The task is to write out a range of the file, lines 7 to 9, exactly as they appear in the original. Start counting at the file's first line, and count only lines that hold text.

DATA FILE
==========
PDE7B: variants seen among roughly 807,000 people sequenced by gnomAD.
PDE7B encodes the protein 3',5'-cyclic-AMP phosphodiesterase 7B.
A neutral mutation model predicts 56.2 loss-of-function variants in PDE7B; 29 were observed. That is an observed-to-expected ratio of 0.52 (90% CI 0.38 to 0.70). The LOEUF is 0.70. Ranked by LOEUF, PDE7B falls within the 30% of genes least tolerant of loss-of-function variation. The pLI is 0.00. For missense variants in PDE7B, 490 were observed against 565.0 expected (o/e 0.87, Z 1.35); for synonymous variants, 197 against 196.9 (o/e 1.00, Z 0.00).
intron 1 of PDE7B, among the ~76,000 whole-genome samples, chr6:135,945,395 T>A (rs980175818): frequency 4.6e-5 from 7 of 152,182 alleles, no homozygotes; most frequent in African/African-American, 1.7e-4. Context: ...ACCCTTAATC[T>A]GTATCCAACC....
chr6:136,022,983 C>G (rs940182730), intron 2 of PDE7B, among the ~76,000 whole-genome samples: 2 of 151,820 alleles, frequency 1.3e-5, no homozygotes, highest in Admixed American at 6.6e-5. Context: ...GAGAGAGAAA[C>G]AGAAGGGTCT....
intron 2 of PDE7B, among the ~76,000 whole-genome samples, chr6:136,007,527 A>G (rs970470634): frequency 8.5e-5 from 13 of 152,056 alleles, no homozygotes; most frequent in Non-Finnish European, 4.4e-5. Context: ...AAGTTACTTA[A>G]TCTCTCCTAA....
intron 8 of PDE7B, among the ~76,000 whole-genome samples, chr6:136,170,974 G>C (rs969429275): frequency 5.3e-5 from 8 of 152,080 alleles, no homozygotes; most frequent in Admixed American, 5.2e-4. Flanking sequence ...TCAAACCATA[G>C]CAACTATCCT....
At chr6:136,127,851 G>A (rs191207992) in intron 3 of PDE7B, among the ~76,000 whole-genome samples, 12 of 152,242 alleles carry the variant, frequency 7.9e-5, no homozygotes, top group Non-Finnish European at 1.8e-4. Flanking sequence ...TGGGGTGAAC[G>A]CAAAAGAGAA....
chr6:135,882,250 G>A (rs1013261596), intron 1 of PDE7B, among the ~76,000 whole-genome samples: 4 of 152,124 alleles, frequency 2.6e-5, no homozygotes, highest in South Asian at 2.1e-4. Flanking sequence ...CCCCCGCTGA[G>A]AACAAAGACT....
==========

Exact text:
intron 8 of PDE7B, among the ~76,000 whole-genome samples, chr6:136,170,974 G>C (rs969429275): frequency 5.3e-5 from 8 of 152,080 alleles, no homozygotes; most frequent in Admixed American, 5.2e-4. Flanking sequence ...TCAAACCATA[G>C]CAACTATCCT....
At chr6:136,127,851 G>A (rs191207992) in intron 3 of PDE7B, among the ~76,000 whole-genome samples, 12 of 152,242 alleles carry the variant, frequency 7.9e-5, no homozygotes, top group Non-Finnish European at 1.8e-4. Flanking sequence ...TGGGGTGAAC[G>A]CAAAAGAGAA....
chr6:135,882,250 G>A (rs1013261596), intron 1 of PDE7B, among the ~76,000 whole-genome samples: 4 of 152,124 alleles, frequency 2.6e-5, no homozygotes, highest in South Asian at 2.1e-4. Flanking sequence ...CCCCCGCTGA[G>A]AACAAAGACT....